frames attached to stem

Overlapping planks (strakes) attached to ribs copper nails or rivets

Types of Construction

Types of Construction • Modern Glued Lapstrake – Stronger than clinker built – Hull formed on

Modern Glued

Lapstrake

Stronger than clinker built

Hull formed on molds

no need for frames or

ribs

Overlapping strakes glued to each other, stem and transom

Water tight construction does not leak!

Types of Construction

Types of Construction • Strip Planking – Commonly seen in canoe and kayak construction – Glue

Strip Planking

Commonly seen in

canoe and kayak construction

Glue thin strips

together over molds

Cover with fiberglass cloth

Notice no ribs or

framing

Strip built Lawley Tender Cedar and Mahogany

Types of Construction

Types of Construction • Traditional Carvel Planking – Molds are attached to keel or stem. –

Traditional Carvel

Planking

Molds are attached to keel or stem.

Ribbands are attached to

the molds.

Planks are attached to ribs and ribbands.

Then molds are

removed.

Planks butt against each other and must be caulked to prevent leaks.

Types of Construction

Types of Construction Hot Molded “Yellow Jacket” runabout built in Denison, Texas using monocoque airplane

Hot Molded “Yellow Jacket” runabout built in Denison, Texas using monocoque airplane construction methods

Hot Molding

Layers of veneer are laid up in a mold using hot glues.

Extremely strong!

Factory process

developed for monocoque aircraft

fuselages – please don’t

try this at home!

Types of Construction

Types of Construction • Modern Cold Molding – Layers of plywood or veneer are glued up
Types of Construction • Modern Cold Molding – Layers of plywood or veneer are glued up

Modern Cold Molding

Layers of plywood or

veneer are glued up on molds using epoxy resin.

Even stronger!

The do-it-yourself

version of hot molding.

Restoration of a Riva runabout (above) and new construction of traditional Chris Craft style Barrelback runabout They have great lines!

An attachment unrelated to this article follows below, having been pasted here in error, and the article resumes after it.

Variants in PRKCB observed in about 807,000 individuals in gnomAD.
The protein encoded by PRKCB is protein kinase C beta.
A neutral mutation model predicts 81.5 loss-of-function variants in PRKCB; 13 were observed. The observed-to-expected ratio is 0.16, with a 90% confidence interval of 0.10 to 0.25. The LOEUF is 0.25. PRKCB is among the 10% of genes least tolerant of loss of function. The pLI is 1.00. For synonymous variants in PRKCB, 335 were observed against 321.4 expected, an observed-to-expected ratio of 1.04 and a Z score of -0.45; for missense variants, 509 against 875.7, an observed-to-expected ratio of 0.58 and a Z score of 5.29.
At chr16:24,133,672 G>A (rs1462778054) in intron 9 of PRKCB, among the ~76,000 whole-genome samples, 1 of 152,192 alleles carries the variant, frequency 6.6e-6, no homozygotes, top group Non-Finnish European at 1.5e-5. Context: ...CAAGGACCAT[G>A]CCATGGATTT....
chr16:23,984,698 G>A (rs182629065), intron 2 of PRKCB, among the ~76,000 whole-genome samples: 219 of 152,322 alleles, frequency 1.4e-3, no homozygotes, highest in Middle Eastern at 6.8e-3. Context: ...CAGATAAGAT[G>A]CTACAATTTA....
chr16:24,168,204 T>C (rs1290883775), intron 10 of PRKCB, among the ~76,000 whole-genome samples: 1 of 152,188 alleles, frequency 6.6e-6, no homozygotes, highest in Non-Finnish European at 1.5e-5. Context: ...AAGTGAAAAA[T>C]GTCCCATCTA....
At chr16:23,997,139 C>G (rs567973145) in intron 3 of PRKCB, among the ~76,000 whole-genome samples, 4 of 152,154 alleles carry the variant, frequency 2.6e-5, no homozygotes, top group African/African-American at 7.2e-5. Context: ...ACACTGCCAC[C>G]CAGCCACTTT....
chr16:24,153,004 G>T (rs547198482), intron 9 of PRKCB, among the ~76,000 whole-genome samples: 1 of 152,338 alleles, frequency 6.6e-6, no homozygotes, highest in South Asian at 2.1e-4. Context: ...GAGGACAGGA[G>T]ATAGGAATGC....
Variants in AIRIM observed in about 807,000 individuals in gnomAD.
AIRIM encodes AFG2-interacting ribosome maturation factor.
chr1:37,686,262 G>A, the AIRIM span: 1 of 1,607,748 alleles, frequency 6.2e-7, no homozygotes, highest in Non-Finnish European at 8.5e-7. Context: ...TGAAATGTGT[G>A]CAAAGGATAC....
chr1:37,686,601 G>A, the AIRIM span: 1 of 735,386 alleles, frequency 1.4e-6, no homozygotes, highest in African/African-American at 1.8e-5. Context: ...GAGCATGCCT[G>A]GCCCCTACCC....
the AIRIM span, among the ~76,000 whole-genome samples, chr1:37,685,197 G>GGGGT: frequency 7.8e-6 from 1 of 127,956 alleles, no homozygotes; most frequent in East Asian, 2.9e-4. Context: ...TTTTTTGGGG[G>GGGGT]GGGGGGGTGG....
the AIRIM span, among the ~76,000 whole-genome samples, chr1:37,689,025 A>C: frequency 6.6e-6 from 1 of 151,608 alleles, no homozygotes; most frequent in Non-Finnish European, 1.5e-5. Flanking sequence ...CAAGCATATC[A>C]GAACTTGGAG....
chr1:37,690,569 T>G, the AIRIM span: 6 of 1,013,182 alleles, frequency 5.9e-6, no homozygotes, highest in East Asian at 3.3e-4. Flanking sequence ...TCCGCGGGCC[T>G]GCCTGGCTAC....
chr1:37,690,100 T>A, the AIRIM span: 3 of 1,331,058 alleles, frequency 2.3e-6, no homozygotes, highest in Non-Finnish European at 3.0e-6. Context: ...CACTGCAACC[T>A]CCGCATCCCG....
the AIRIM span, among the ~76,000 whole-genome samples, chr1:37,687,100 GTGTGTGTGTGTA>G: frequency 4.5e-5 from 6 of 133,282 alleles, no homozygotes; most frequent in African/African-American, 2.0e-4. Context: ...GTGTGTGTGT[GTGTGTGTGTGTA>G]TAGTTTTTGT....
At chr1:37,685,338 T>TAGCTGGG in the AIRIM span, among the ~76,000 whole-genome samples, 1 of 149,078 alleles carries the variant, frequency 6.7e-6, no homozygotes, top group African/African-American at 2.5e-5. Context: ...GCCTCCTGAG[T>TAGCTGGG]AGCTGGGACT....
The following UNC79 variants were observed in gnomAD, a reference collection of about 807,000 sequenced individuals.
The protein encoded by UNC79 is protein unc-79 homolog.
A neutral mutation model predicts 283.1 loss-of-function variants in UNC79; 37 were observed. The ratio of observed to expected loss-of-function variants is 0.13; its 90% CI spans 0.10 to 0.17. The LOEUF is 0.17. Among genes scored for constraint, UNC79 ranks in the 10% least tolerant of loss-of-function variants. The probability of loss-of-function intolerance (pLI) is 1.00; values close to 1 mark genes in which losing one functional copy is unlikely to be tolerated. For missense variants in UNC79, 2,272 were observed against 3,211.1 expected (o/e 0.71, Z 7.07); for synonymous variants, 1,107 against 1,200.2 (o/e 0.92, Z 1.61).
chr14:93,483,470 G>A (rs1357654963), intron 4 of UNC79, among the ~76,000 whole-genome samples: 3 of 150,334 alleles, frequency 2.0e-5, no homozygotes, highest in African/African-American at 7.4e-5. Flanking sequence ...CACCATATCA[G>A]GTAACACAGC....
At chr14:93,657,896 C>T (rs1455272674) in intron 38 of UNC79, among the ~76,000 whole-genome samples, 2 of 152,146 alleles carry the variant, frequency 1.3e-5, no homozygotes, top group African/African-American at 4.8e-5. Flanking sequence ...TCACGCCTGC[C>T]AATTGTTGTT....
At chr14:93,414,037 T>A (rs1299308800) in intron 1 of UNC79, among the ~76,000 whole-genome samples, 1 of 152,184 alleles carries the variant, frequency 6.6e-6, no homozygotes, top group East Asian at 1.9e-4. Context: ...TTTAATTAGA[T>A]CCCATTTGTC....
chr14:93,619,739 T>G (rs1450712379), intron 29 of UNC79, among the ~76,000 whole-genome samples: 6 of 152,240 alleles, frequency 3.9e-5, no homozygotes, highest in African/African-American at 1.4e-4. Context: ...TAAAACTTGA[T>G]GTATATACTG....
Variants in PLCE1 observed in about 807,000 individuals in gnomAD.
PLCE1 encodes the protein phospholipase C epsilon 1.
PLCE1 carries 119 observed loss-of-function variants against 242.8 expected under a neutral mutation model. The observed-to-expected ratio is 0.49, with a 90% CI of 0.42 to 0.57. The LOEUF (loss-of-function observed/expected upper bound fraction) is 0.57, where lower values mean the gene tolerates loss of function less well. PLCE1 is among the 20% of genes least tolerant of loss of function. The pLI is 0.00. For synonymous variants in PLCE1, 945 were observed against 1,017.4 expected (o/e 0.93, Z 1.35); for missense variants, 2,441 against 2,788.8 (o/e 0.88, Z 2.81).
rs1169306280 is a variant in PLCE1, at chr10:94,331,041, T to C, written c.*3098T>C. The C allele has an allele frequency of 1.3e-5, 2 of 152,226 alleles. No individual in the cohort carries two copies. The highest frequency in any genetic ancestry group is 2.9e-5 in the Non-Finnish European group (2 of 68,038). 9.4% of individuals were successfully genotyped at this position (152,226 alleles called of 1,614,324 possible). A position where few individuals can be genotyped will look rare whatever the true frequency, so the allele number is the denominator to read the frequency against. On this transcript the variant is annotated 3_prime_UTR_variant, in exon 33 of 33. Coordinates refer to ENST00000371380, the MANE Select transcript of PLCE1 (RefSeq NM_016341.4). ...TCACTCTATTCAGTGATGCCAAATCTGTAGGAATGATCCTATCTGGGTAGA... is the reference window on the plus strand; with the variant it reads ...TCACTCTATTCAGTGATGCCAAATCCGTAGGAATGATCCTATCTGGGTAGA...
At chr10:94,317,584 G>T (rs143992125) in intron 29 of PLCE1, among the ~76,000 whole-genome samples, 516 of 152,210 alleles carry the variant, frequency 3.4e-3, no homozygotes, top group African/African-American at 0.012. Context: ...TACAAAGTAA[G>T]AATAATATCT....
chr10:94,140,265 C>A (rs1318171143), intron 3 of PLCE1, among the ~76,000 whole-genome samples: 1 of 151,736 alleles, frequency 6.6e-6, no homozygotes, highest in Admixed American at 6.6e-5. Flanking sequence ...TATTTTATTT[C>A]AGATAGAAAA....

Model Boat Building

Model Boat Building • Scale models – Develop construction details, sail plans – Practice precision joinery

Scale models

Develop construction

details, sail plans

Practice precision joinery

Retain the beauty of

classic designs in

miniature

(Classic Skipjack model.)

Model Boat Building

Model Boat Building • Half hull models – Used to visualize hull design – May be

Half hull models

Used to visualize hull

design

May be built up with layers at design

waterlines and used to

loft full size hull plans

Hall of Boats at the Herreshoff Museum in Rhode Island

Model Ship Building

Model Ship Building You don’t have to go to Rhode Island to see magnificent models. This

You don’t have to go to Rhode Island to see magnificent models. This is Master Modeler Burt Reckles with his model, the “San Felipe” at the Houston Maritime Museum (www.houstonmaritimemuseum.org)

The Puffin

The Puffin • Glued lapstrake hull • White oak stem and keel • Western red cedar

Glued lapstrake hull

White oak stem and

keel

Western red cedar

keelson (hog)

Okoumi plywood hull (strakes)

African mahogany and Alder brightwork

First Celebration: Stem and transom are laid up. (White Oak stem and Western Red Cedar

First Celebration: Stem and transom are laid up. (White Oak stem and